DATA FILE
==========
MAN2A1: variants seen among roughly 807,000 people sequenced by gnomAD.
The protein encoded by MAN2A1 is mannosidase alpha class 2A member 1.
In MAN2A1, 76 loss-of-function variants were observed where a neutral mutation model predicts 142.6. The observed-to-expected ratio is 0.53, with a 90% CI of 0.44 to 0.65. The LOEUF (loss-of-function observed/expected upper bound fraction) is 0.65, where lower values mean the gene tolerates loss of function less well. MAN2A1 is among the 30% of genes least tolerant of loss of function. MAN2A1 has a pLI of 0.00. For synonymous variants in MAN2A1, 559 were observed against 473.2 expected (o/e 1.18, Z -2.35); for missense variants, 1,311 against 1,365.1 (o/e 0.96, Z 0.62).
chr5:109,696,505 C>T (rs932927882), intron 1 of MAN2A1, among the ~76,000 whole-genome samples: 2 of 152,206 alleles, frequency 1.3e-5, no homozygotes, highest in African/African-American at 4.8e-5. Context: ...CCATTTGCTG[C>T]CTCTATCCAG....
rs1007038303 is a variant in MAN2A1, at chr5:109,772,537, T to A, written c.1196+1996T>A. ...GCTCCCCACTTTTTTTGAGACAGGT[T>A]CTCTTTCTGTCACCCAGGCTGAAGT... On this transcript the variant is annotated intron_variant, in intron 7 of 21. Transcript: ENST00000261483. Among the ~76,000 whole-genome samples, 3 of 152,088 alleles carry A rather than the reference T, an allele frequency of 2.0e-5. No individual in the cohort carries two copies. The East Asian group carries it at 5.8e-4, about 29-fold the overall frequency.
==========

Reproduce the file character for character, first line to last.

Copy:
MAN2A1: variants seen among roughly 807,000 people sequenced by gnomAD.
The protein encoded by MAN2A1 is mannosidase alpha class 2A member 1.
In MAN2A1, 76 loss-of-function variants were observed where a neutral mutation model predicts 142.6. The observed-to-expected ratio is 0.53, with a 90% CI of 0.44 to 0.65. The LOEUF (loss-of-function observed/expected upper bound fraction) is 0.65, where lower values mean the gene tolerates loss of function less well. MAN2A1 is among the 30% of genes least tolerant of loss of function. MAN2A1 has a pLI of 0.00. For synonymous variants in MAN2A1, 559 were observed against 473.2 expected (o/e 1.18, Z -2.35); for missense variants, 1,311 against 1,365.1 (o/e 0.96, Z 0.62).
chr5:109,696,505 C>T (rs932927882), intron 1 of MAN2A1, among the ~76,000 whole-genome samples: 2 of 152,206 alleles, frequency 1.3e-5, no homozygotes, highest in African/African-American at 4.8e-5. Context: ...CCATTTGCTG[C>T]CTCTATCCAG....
rs1007038303 is a variant in MAN2A1, at chr5:109,772,537, T to A, written c.1196+1996T>A. ...GCTCCCCACTTTTTTTGAGACAGGT[T>A]CTCTTTCTGTCACCCAGGCTGAAGT... On this transcript the variant is annotated intron_variant, in intron 7 of 21. Transcript: ENST00000261483. Among the ~76,000 whole-genome samples, 3 of 152,088 alleles carry A rather than the reference T, an allele frequency of 2.0e-5. No individual in the cohort carries two copies. The East Asian group carries it at 5.8e-4, about 29-fold the overall frequency.